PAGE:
Chile's earliest known archaeological remains date from some 10-13,000 years ago, near the end of the long series of ice ages which allowed the human population of the Americas. Findings from this era - such as Monte Verde, near Puerto Montt, one of the earliest confirmed sites of human habitation on the South American continent -- paint a vague picture of bands of nomadic hunters of mastadons, horses, and other mammals. Today, southern Patagonia is one of the world's greatest repositories of these early Americans' colorful and intricate cave paintings.
Though most of Chile has probably been inhabited since the Paleolithic, Northern Chile's extreme aridity has preserved hundred of sites from the past 10,000 years. The abundance and quality of these sites has allowed archaeologists to reconstruct, with surprising detail, the history of this unique and dynamic region, which each year draws amateur and professional archaeologists from across the globe. An excellent example of the desert's preservative properties is that of the Chinchorro culture, a group of coastal hunter-gatherers who inhabited the Azapa Valley, near Arica. Here archaeologists uncovered a sand-preserved mummy which dates from 8000 BC, making it the earliest known use of artificial mummification in the world.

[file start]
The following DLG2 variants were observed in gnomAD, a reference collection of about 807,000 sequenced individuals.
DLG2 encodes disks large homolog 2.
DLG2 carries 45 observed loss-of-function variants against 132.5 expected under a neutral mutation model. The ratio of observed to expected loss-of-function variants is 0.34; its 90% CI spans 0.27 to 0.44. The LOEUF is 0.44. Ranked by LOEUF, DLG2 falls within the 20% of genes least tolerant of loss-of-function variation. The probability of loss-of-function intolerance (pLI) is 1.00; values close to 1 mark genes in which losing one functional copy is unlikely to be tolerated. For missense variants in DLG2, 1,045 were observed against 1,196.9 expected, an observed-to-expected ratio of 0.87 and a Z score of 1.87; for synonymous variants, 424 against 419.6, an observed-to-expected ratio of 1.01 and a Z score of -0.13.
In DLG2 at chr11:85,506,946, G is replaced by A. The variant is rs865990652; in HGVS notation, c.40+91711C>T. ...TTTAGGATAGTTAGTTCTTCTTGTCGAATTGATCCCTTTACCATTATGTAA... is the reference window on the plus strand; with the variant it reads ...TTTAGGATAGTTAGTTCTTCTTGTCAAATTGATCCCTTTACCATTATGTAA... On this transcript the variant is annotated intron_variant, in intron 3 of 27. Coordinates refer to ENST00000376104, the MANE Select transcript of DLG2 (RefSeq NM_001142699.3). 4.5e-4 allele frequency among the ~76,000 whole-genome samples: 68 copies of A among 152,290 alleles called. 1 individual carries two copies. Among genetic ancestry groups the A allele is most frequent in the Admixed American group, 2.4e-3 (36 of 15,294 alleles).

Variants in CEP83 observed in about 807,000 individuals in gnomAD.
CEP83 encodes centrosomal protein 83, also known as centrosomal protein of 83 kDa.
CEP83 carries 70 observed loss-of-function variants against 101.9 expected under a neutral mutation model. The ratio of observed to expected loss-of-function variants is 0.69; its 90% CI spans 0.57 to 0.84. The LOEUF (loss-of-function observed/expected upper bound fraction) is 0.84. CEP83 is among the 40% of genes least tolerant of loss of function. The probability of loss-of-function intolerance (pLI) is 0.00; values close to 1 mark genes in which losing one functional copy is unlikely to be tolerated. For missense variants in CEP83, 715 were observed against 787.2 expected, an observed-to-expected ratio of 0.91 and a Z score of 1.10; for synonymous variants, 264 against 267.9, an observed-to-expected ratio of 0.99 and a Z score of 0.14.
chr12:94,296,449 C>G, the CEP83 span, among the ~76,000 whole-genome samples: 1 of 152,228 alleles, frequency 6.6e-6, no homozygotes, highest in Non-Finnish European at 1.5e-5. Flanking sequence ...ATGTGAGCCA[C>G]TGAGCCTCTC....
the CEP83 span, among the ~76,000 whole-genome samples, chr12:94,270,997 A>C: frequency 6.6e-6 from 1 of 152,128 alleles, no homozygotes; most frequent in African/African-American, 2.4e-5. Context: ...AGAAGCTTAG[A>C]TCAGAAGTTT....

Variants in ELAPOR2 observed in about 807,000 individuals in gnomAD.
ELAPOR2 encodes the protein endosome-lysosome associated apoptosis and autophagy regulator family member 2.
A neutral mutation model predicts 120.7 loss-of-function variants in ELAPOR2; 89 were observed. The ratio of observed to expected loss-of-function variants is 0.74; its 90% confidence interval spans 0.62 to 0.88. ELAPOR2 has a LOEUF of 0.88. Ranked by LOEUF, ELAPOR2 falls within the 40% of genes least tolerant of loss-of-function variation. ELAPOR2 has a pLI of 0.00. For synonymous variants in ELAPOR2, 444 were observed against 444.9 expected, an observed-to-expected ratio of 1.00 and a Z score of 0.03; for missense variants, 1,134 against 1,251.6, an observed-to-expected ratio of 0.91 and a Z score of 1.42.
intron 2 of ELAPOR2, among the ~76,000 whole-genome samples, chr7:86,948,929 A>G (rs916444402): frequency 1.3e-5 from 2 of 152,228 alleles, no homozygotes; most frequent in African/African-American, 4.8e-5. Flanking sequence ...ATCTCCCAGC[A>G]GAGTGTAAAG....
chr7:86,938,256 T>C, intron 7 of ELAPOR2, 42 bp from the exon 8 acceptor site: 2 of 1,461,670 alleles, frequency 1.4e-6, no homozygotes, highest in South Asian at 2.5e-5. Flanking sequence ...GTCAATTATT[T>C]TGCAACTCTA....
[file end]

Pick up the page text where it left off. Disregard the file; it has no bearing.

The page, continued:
During the next 6000 years, distinct niches began to develop on the coast, in the interior valley, desert oases, and the Altiplano. Findings from this era reveal a diversification in fishing techniques and implements, the first hints of llama domestication, and a lifestyle that grew steadily more sedentary. By 2000 BC, the first domesticated plants began to appear in northern Chile, and cultural and economic trade with the tribes of southern Peru and northwestern Argentina brought new agricultural techniques, new textile designs, ceramics and basketwork. The huge geoglyphs - geometric designs similar to those of Nasca, Peru - that adorn hillsides throughout the region may have served as ritual 'road signs' for llama trains carrying goods from the altiplano to the coast, and vice versa.
Beginning in the 3rd century AD, the Tiwanaku Empire of Lago Titcaca began to work great cultural transformations in Northern Chile. Metallurgy, advanced agricultural techniques, and a more hierarchical social organization were Tiwanaku's most noteworthy contributions. Near 1000 AD, Tiwanaku's power waned, and regional kingdoms sprung up across the north. Stone fortresses or pukaras were constructed near San Pedro de Atacama, on the río Loa and río Salado, and in the Andean foothills east of Arica. These briefly independent regional kingdoms fell under Inca rule during the great expansion of 1470. In San Pedro, the Incas built a regional administration center near the existing Atacameño pukara defensive fort. But these new rulers had hardly put their bags down when Diego de Almagro walked across the Altiplano and into San Pedro, and the conquest of Chile was set in motion.
Thanks to the Tourism Promotion Corporation of Chile : 202-530-4109